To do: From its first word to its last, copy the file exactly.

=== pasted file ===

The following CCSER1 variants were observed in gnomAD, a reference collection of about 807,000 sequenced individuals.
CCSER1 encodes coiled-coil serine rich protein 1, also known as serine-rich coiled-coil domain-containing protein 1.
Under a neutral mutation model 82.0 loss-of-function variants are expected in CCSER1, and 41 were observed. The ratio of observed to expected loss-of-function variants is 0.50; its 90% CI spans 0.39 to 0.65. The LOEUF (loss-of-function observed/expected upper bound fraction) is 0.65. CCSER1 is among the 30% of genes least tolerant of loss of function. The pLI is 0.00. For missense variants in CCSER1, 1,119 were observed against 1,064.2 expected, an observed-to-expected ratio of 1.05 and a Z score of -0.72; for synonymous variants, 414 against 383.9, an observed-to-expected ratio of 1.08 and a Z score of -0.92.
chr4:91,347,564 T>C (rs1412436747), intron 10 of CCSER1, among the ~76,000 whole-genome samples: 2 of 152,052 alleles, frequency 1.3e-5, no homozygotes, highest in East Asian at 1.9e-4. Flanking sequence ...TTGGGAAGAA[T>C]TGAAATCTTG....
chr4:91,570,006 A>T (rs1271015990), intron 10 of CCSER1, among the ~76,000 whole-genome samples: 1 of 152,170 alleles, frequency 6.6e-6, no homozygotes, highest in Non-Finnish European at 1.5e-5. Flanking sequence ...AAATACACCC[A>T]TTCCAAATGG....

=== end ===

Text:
The following CCSER1 variants were observed in gnomAD, a reference collection of about 807,000 sequenced individuals.
CCSER1 encodes coiled-coil serine rich protein 1, also known as serine-rich coiled-coil domain-containing protein 1.
Under a neutral mutation model 82.0 loss-of-function variants are expected in CCSER1, and 41 were observed. The ratio of observed to expected loss-of-function variants is 0.50; its 90% CI spans 0.39 to 0.65. The LOEUF (loss-of-function observed/expected upper bound fraction) is 0.65. CCSER1 is among the 30% of genes least tolerant of loss of function. The pLI is 0.00. For missense variants in CCSER1, 1,119 were observed against 1,064.2 expected, an observed-to-expected ratio of 1.05 and a Z score of -0.72; for synonymous variants, 414 against 383.9, an observed-to-expected ratio of 1.08 and a Z score of -0.92.
chr4:91,347,564 T>C (rs1412436747), intron 10 of CCSER1, among the ~76,000 whole-genome samples: 2 of 152,052 alleles, frequency 1.3e-5, no homozygotes, highest in East Asian at 1.9e-4. Flanking sequence ...TTGGGAAGAA[T>C]TGAAATCTTG....
chr4:91,570,006 A>T (rs1271015990), intron 10 of CCSER1, among the ~76,000 whole-genome samples: 1 of 152,170 alleles, frequency 6.6e-6, no homozygotes, highest in Non-Finnish European at 1.5e-5. Flanking sequence ...AAATACACCC[A>T]TTCCAAATGG....